So not only have I decided to do a ‘Buzzfeed Recommends‘ series on this blog, based on one Buzzfeed article I read. I’ve also decided this year I’m going to read every Waterstone’s ‘Fiction Book of the Month’, because clearly I hate myself.
I was inspired to do this after stumbling upon one of the Books of The Month books this year called ‘The Binding’ which I absolutely adored and will post a review of it in this series; and so I figured, rather naively probably, every recommendation from Waterstones will be that good.
So, as you may have noticed, we are already in March of this year, but since we’re all self-isolating because of pandemic I do have the time to catch up on all their ‘Book of the Month’ recommendations as well as work my way through my ‘Buzzfeed Recommends’ series.
So I thought I’d just list all their ‘Fiction Book of The Month’ titles, and I’ll come back throughout the year and update this post with the title and synopsis once each book for the month is announced.
January: The Binding by Bridget Collins
Set in a part Victorian gothic, part medieval world, where books are binded with real memories that people give up. The story unravels the mystery of Emmett Farmer as his life changes when he becomes a Binder’s apprentice – it’s a skill like no other. As he learns his new trade, Emmett discovers a book with his own name on it and faces the choice of remembering or forgetting .
This is the book I stumbled upon in a Waterstones that started this whole thing, and I’ve already read it and can say I absolutely adored it with every fibre of my being, and if all the books are half as good as this one I’m in for some good reads this year.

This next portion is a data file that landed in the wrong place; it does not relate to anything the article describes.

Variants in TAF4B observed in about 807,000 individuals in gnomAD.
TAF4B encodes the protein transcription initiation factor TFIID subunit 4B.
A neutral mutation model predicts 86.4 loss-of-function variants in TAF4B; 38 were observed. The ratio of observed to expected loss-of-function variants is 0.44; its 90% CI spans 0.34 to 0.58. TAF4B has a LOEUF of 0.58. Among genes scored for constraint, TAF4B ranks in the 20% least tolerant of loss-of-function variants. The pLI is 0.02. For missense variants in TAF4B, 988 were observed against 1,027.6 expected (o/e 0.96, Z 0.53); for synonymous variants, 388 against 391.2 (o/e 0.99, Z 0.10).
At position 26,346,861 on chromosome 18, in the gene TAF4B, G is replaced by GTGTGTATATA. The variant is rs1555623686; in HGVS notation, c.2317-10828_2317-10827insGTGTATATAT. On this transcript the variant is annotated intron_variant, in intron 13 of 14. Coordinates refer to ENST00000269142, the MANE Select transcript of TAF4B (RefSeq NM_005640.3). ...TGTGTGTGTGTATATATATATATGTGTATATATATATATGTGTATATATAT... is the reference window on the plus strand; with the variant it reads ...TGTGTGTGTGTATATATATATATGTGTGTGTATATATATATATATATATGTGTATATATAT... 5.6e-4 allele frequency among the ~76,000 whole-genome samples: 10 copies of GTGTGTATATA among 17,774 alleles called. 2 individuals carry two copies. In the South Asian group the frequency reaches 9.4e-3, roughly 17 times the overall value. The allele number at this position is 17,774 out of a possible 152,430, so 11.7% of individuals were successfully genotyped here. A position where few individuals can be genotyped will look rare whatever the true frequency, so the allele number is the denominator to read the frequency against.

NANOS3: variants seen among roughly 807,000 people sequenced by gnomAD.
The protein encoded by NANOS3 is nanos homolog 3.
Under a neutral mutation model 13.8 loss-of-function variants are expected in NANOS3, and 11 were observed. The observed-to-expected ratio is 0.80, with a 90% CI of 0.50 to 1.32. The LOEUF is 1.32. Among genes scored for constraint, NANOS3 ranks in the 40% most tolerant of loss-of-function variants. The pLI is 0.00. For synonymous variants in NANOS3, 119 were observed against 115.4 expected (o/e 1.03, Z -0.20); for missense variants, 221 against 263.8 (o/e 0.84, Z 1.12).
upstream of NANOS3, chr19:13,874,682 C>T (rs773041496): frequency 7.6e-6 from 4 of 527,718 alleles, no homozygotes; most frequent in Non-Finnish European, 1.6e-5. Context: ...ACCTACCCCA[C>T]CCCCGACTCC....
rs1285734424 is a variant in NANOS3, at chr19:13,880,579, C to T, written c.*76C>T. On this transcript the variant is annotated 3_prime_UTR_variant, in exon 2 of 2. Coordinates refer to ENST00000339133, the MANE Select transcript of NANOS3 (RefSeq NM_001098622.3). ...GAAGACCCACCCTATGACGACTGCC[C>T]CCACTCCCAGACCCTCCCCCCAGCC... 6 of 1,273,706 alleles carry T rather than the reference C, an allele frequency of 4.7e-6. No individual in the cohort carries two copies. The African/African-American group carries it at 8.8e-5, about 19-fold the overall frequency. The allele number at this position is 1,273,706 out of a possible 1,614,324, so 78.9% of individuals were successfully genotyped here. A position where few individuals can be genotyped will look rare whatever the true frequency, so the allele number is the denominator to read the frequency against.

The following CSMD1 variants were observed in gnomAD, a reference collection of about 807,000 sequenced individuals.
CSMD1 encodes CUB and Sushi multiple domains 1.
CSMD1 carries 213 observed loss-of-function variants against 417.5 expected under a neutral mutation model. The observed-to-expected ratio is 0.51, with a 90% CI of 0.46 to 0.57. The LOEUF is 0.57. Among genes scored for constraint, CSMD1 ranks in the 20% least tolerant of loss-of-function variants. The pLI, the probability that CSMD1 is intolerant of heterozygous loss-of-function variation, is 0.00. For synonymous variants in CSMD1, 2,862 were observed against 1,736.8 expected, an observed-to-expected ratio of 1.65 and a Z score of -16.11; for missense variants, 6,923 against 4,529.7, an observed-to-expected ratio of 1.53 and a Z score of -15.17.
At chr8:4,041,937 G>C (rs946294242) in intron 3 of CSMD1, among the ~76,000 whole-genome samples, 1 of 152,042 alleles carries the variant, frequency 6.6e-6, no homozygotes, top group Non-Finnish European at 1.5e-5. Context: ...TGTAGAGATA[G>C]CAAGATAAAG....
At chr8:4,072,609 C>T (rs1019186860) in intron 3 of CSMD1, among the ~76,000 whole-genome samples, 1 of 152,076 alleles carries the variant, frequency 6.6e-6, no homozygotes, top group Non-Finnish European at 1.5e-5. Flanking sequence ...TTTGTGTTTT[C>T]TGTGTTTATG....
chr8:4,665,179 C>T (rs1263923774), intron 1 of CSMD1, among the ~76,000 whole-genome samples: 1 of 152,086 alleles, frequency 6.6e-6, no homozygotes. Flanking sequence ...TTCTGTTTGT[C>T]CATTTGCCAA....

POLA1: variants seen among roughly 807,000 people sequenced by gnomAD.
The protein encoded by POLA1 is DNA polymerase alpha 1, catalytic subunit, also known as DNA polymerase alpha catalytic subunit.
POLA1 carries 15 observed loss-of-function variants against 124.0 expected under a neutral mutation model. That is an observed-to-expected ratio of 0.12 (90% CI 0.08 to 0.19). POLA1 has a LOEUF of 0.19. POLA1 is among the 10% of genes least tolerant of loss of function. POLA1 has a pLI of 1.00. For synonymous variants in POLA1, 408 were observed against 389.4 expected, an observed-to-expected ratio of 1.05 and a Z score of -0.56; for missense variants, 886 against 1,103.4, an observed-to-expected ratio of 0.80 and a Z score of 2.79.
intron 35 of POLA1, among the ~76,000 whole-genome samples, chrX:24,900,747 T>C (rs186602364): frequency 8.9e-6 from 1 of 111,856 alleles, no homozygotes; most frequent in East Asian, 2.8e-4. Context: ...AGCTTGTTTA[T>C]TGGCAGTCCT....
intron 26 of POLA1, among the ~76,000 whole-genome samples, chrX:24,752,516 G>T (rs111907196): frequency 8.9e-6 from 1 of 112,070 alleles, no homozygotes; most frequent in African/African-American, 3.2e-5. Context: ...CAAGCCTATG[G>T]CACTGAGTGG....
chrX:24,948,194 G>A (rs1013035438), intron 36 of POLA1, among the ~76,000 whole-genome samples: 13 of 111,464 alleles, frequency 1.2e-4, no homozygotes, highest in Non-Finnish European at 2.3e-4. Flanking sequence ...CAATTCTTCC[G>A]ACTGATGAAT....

February: Queenie by Candice Carty-Williams
Queenie is caught between a job that isn’t what she thought it would be, a Jamaican British family that just can’t seem to see her, and a break up with her long-term boyfriend. Queenie tries to navigate all these struggles and her life, and emerge on top as a Queen.
This is meant to be a comedy that includes a lot of hard-hitting social issues such as race, mental health and class. I’m a little unsure about it as I don’t tend to read books that are marketed as ‘comedic’ but I’m intrigued by this one.
March: The Doll Factory by Elizabeth Macneal
It’s London 1850, and The Great Exhibition is taking place in Hyde Park and in the crowd Iris and Silas meet. For Iris, it’s only a few seconds, but for Silas, as a collector, it’s the start of something. When Iris is asked to model in exchange for learning how to paint her world begins to expand, as Silas’ world narrows and a dark obsession grows.
This sounds like something I wouldn’t ever choose myself, but I’m glad I’m being made to pick it up because it’s an interesting premise and this could be great, or it could be slightly too creepy for me, either way I’m excited for this read.
April: Lanny by Max Porter
There’s a village sixty miles outside of London built on ancient soil. It belongs to villagers live and have lived there, but it also belongs to Dead Papa Toothwort. He has awoken from his slumber for one reason: Lanny, the young boy whose something new and precious.
Again, this is a book I would never choose to pick up on my own accord, but I’m really happy I’m being made to pick this up. It sounds like a beautiful blend of modern and mythical.
May: The Dutch House by Ann Patchett
Danny Conroy grew up in a Dutch house in small town his property developer father picked up. Though his mum is absent, father is distant, Danny finds love his brilliant older sister Maeve. When their father one day brings Andrea home it sows the seeds of a banishment from their home, and follows them through the decades of the rest of their lives.
This sounds promising, and I’m excited to give this one a go. I’ve seen this popping on my Goodreads and it’s definitely intrigued me so I’m glad I have an excuse to read it.
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